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PSYC 221 Ch8 Everyday Memory & Memory Errors.pdf

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Department
Psychology
Course
PSYC 221
Professor
Kevin G Munhall
Semester
Fall

Description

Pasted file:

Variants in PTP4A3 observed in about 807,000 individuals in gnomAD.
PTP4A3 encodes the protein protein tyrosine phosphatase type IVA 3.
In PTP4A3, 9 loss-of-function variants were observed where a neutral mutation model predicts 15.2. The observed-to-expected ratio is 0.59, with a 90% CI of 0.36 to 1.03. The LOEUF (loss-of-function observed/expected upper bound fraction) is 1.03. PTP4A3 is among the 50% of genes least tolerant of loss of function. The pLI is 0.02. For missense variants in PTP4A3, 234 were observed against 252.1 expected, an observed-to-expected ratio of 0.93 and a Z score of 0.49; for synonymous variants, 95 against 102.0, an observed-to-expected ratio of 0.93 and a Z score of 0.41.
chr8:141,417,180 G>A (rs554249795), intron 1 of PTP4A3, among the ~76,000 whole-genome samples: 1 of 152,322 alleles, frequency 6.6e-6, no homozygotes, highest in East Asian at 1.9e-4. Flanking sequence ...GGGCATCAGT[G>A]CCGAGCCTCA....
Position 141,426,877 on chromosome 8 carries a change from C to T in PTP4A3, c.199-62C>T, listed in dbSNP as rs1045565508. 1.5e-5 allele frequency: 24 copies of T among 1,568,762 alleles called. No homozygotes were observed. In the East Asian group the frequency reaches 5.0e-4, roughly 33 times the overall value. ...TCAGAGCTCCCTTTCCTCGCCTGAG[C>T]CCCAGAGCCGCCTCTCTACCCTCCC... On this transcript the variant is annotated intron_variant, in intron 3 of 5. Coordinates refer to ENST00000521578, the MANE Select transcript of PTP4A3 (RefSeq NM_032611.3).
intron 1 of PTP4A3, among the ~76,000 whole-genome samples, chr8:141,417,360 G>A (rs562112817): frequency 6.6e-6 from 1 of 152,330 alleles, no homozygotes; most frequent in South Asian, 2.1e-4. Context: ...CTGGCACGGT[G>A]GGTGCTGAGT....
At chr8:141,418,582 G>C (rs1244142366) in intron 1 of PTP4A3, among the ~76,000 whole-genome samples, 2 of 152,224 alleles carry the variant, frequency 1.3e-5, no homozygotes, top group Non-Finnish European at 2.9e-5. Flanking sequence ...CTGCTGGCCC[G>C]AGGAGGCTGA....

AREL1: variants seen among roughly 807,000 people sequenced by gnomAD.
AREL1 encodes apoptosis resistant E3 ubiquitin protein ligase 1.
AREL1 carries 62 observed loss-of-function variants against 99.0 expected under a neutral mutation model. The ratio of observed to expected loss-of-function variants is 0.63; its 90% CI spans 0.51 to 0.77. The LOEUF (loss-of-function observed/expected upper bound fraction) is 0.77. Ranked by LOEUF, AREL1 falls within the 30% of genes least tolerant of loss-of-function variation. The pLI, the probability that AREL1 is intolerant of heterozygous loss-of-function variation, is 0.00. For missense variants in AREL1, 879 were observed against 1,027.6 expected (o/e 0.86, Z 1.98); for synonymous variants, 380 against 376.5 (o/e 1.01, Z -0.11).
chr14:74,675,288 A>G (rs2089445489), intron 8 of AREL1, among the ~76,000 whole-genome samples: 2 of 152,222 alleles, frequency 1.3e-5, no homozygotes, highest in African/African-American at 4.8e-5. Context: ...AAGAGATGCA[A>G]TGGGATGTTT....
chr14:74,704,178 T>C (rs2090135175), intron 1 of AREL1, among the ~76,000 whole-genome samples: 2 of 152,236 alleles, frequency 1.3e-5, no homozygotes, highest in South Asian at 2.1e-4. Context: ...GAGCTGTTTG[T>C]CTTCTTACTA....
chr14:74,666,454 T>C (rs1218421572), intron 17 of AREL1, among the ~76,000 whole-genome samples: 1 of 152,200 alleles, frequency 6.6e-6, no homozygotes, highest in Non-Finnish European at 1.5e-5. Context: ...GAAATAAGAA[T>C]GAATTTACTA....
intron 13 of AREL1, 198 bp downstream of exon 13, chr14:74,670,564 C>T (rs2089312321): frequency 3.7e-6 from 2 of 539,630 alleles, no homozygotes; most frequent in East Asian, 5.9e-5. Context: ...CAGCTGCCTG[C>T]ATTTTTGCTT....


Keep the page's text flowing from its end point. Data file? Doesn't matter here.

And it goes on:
PSYC  221  –  Everyday  Memory  &  Memory  Errors   Chapter  8   Everyday  Memory  &  Memory  Errors     Autobiographical  memory  (AM):  memory  for  personal  experiences.  These  memories  contain  a   combination  of  episodic  and  semantic  memories.         For  example:  recall  a  birthday  party.  This  activates  the  episodic  memory  but  also  semantic   memories  of  where  the  party  was,  where  your  family  was  living  at  the  time,  and  general  schemas   as  to  what  happens  at  birthday  parties.       The  ratio  of  episodic  to  semantic  components  of  an  autobiographical  memory  changes  with  time.   When  it  is  still  fresh  in  memory  episodic  components  are  present  but  as  time  goes  on  it  can  leave   only  semantic  memories.           Autobiographical  memories  activate  more  areas  of  the  brain  that  other  stimulus.  Recall  the   example  from  class  in  which  there  was  greater  activation  to  photos  the  participant  had  taken  as   opposed  to  a  photo  of  the  same  place  not  taken  by  the  participant.  The  MTL,  amygdala,  and   hippocampus  are  important.       What  memories  are  most  likely  to  be  remembered?   • Milestones   • Emotional  memories  (positive  or  negative)   • Events  that  become  an  important  part  of  your  life  –  such  as  the  first  date  with  your   husband   • Transition  points   • Age     Reminiscence  bump:  people  have  better  memory  for  events  that   took  place  during  adolescence  (between  ages  10-­‐30).       Self-­‐image  hypothesis  (of  the  reminiscence  bump):  idea  that   memory  is  enhanced  for  events  that  occur  as  person’s  self-­‐image   or  identity  is  being  formed.  Recall  the  examples  of  how  people   describe  themselves  (“I  am  a  mother”;  “I  am  a  psychologist”)  had   events  tied  to  these  identities  occurring  during  the  reminiscence   bump.       Cognitive  hypothesis  (of  the  reminiscence  bump):  rapid  change   followed  by  stability  causes  better  encoding  of  memories.  This  is   supported  by  the  fact  that  immigrants  who  come  to  America  in  their  mid-­‐30s  reminiscence  bump   that  corresponds  with  this  timing.       Cultural  life  script  hypothesis  (of  the  reminiscence  bump):  most  life  events  that  you  come  to   expect  will  occur  (such  as  falling  in  love,  going  to  college,  getting  married,  having  children)  all   occur  during  the  reminiscence  bump.  See  next  for  a  better  description  of  a  cultural  script.       1   PSYC  221  –  Everyday  Memory  &  Memory  Errors   Cultural  script:  culturally  expected  events  that  occur  at  a  particular  time  in  the  life  span.       We  have  better  memory  for  emotionally  charged  events.  These  events  increase  activity  in  the   amygdala.       Flashbulb  memory:  vivid  memory  surrounding  a  shocking  event.  It  is  important  to  note  that  this   refers  to  a  memory  of  what  the  individual  was  doing  at  the  time  of  the  event  (where  they  were,   who  they  were  with  when  the  heard  the  news)  and  not  details  of  the  event  itself.       Repeated  recall:  comparing  later  memories  to  memories  created  right  after  an  event.  This  is  used   to  determine  the  accuracy  of  memories  and  how  memories  change  with  time.     1. Person  is  asked  to  report  their  memory  immediately  after  an  event.  This  is  used  as  a   baseline.     2. The  person  is  asked  to  recount  their  memory  of  the  event  days,  weeks,  months,  or  years   later.  This  repeated  recall  determines  how  their  memory  has  changed  over  time.       Repeated  reproduction:  asking  someone  to  recall  the  details  of  a  stimulus  such  as  a  story.     Using  the  repeated  recall  method  it  becomes  clear  that  people  may  believe  that  their  memory  for  a   shocking  event  (a  flashbulb  memory)  is  especially  vivid,  but  these  memories  do  fade  with  time.   One  trend  was  that,  after  the  Challenger  exploded,  21%  of  people  said  they  heard  the  news  on  TV;   but  3  years  later  45%  of  the  participants  said  that  they  heard  the  news  on  TV.  Influenced  by:   • Repetition  –  TV  stories  can  be  played  over  and  over  and  are  a  memorable  source  of  news   • Saliency  –  people  were  able  to  see  the  crash,  which  is  more  traumatic  than  the  news   • General  knowledge  –  where  you  heard  the  news  may  become  replaced  by  where  you  heard   the  whole  story,  which  is  typically  from  the  news     One  clever  experiment  created  a  baseline  about  a  flashbulb  memory  (immediately  after  9/11)  and   asked  the  participant  about  an  everyday  event  that  happened  leading  up  to  the  event.  The  longer   time  went  by,  the  more  inaccurate  the  person’s  memory  was  for  both  the  flashbulb  and  everyday   memories.  This  shows  that  when  it  comes  to  accuracy,  flashbulb  memories  are  no  more  special   than  everyday  memories.  But,  there  is  one  difference:  people  perceived  greater  accuracy  about  the   flashbulb  memory  (they  felt  the  memory  was  vivid  and  accurate)  but  did  not  believe  the  same   thing  for  the  everyday  memory.       We  do  recall  some  things  when  it  comes  to  flashbulb  memories,  and  there  are  several  reasons:   • Greater  activation  of  the  amygdala   • Rehearsal  (see  next)     Narrative  rehearsal  hypothesis:  we  remember  some  events  better  because  we  rehearse  them.   This  is  one  explanation  for  why  flashbulb  memories  occur.       Constructive  nature  of  memory:  memories  can  be  constructed  by  the  person  based  on  what   actually  happened,  as  well  as  the  person’s  knowledge,  experiences,  and  expectations.       Constructive  processes  can  lead  to  memory  errors.   2   PSYC  221  –  Everyday  Memory  &  Memory  Errors     Recall  Bartlett’s  War  of  the  Ghosts  –  people  got  foggy  on  the  details  and  inserted  their  own  details   based  on  what  was  culturally  relevant  to  them.       Source  monitoring:  determining  the  origin  of  a  memory.       Recall  George  Harrison’s  My  Sweet  Lord  took  the  riff  from  another  song,  but  over  time  he  forgot   the  source  but  remembered  the  tune.       When  someone  is  incorrect  in  remembering  the  origin  of  a  memory  they  are  said  to  have  made  a   source  monitoring  error,  which  is  also  called  a  source  misattribution.       Cryptomnesia:  a  source  monitoring  error  that  causes  plagiarism  of  another  person’s  ideas  or   work.  The  George  Harrison  case  is  a  perfect  example.       Becoming  famous  overnight  was  the  title  of  a  research  study  that  looked  at  source  monitoring   errors.     1. Participants  were  shown  a  list  of  made-­‐up  nonfamous  names,  such  as  Sebastian  Weissdorf.   2. The  participants  were  told  that  these  names  were  of  nonfamous  people.   3. The  participants  took  the  immediate  test  in  which  they  were  shown  old  nonfamous   names,  new  nonfamous  names,  and  some  famous  names.  They  were  asked  to  indicate   which  names  were  famous.  There  were  little  or  no  mistakes  in  identifying  nonfamous   names  as  famous.     4. The  participants  took  a  delayed  test  24  hours  later.  They  made  several  errors  in   identifying  nonfamous  names  from  the  original  list  as  famous.   • What  are  the  implications?  The  participants  were  aware  that  they  had  seen  the  names   before.  In  the  immediate  test  they  knew  they  had  seen  the  names  on  the  nonfamous  list,  so   they  made  no  mistakes.  The  next  day  however  they  recognized  the  names  but  did  not  recall   the  source  and  therefore  thought  that  since  the  name  was  familiar  it  was  famous.       The  phenomenon  seen  in  the  “becoming  famous  overnight”  experiment  has  also  been  used  to   create  false  memories.  Individuals  were  told  about  an  event  when  they  were  a  child  that  did  not   actually  happen.  At  first,  the  participant  did  not  recall  any  of  the  false  memory  the  experimenter   was  feeding  them.  Two  days  later,  when  asked  about  the  event,  the  participants  would  recall  the   events  and  relate  to  the  experimenter  what  had  happened  during  the  events.  Why  did  the  false   memory  take  hold?  Since  they  had  been  exposed  to  the  false  memory  and  were  later  asked  abou